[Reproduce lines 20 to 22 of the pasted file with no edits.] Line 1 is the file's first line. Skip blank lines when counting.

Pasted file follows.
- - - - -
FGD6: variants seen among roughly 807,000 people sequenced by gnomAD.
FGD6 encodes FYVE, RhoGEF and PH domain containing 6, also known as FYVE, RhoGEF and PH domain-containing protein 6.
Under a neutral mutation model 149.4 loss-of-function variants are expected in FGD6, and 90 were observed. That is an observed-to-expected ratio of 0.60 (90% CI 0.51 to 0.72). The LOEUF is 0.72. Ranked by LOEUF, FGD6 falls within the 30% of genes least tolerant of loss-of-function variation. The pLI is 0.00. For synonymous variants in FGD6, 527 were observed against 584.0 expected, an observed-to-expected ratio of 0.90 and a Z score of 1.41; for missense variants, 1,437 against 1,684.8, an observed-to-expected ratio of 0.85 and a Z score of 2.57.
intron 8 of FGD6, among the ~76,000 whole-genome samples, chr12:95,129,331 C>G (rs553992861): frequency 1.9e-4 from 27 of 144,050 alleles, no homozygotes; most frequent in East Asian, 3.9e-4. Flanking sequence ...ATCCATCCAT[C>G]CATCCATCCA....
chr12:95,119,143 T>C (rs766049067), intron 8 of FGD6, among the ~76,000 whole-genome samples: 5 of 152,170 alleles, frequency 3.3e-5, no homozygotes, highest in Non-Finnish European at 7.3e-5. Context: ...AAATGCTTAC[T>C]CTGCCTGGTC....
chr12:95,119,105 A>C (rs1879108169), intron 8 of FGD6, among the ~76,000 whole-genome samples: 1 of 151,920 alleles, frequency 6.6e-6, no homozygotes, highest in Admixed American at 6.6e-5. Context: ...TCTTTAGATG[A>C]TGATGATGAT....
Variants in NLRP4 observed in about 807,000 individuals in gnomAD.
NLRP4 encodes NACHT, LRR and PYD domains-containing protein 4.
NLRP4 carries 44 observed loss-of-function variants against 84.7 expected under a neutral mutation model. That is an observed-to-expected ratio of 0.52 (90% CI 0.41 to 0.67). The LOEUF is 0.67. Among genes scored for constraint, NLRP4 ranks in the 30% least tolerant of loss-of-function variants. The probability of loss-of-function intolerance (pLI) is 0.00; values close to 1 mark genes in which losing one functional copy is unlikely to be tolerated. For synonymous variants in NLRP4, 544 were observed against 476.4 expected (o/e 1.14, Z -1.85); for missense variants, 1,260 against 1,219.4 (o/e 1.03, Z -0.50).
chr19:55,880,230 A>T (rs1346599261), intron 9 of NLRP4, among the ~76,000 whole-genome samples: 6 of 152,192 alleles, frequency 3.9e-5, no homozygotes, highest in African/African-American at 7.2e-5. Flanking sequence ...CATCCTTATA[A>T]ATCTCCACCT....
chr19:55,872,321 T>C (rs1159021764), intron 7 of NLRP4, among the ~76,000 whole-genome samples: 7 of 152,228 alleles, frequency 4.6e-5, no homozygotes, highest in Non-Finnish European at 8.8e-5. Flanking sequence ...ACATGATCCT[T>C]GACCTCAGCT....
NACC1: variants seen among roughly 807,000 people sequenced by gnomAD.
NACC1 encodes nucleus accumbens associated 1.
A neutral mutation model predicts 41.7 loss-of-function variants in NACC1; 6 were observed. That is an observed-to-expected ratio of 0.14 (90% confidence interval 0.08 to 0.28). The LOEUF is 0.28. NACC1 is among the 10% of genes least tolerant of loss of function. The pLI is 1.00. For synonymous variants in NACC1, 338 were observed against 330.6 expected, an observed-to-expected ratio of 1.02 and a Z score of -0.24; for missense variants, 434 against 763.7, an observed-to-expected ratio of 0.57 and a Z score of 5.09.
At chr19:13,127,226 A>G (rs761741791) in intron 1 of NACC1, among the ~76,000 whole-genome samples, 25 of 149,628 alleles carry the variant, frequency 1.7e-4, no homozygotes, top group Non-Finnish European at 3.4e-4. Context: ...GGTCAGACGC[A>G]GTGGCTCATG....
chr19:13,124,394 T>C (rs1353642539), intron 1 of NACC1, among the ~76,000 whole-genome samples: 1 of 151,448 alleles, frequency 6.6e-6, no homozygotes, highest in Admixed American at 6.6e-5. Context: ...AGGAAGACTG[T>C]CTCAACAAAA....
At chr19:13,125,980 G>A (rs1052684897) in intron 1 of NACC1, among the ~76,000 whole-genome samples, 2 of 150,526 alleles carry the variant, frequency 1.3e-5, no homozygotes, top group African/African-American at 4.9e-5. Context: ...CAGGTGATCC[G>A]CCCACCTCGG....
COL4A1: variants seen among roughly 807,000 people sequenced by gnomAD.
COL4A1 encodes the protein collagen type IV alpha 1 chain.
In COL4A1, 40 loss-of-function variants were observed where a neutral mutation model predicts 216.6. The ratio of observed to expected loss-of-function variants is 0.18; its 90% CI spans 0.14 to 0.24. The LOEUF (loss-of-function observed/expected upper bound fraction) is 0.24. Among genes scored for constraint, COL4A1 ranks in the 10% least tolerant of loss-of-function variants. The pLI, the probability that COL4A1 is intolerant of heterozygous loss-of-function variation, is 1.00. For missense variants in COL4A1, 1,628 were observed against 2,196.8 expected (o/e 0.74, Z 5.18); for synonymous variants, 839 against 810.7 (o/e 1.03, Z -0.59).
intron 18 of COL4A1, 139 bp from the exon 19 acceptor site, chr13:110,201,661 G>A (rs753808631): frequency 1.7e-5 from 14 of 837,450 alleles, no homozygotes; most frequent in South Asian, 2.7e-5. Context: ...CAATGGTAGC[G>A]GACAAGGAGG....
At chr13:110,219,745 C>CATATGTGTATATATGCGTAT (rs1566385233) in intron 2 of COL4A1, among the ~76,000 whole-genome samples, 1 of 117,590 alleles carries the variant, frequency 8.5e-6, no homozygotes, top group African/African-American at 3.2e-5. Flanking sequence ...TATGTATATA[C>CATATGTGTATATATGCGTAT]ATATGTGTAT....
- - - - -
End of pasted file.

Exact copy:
In COL4A1, 40 loss-of-function variants were observed where a neutral mutation model predicts 216.6. The ratio of observed to expected loss-of-function variants is 0.18; its 90% CI spans 0.14 to 0.24. The LOEUF (loss-of-function observed/expected upper bound fraction) is 0.24. Among genes scored for constraint, COL4A1 ranks in the 10% least tolerant of loss-of-function variants. The pLI, the probability that COL4A1 is intolerant of heterozygous loss-of-function variation, is 1.00. For missense variants in COL4A1, 1,628 were observed against 2,196.8 expected (o/e 0.74, Z 5.18); for synonymous variants, 839 against 810.7 (o/e 1.03, Z -0.59).
intron 18 of COL4A1, 139 bp from the exon 19 acceptor site, chr13:110,201,661 G>A (rs753808631): frequency 1.7e-5 from 14 of 837,450 alleles, no homozygotes; most frequent in South Asian, 2.7e-5. Context: ...CAATGGTAGC[G>A]GACAAGGAGG....
At chr13:110,219,745 C>CATATGTGTATATATGCGTAT (rs1566385233) in intron 2 of COL4A1, among the ~76,000 whole-genome samples, 1 of 117,590 alleles carries the variant, frequency 8.5e-6, no homozygotes, top group African/African-American at 3.2e-5. Flanking sequence ...TATGTATATA[C>CATATGTGTATATATGCGTAT]ATATGTGTAT....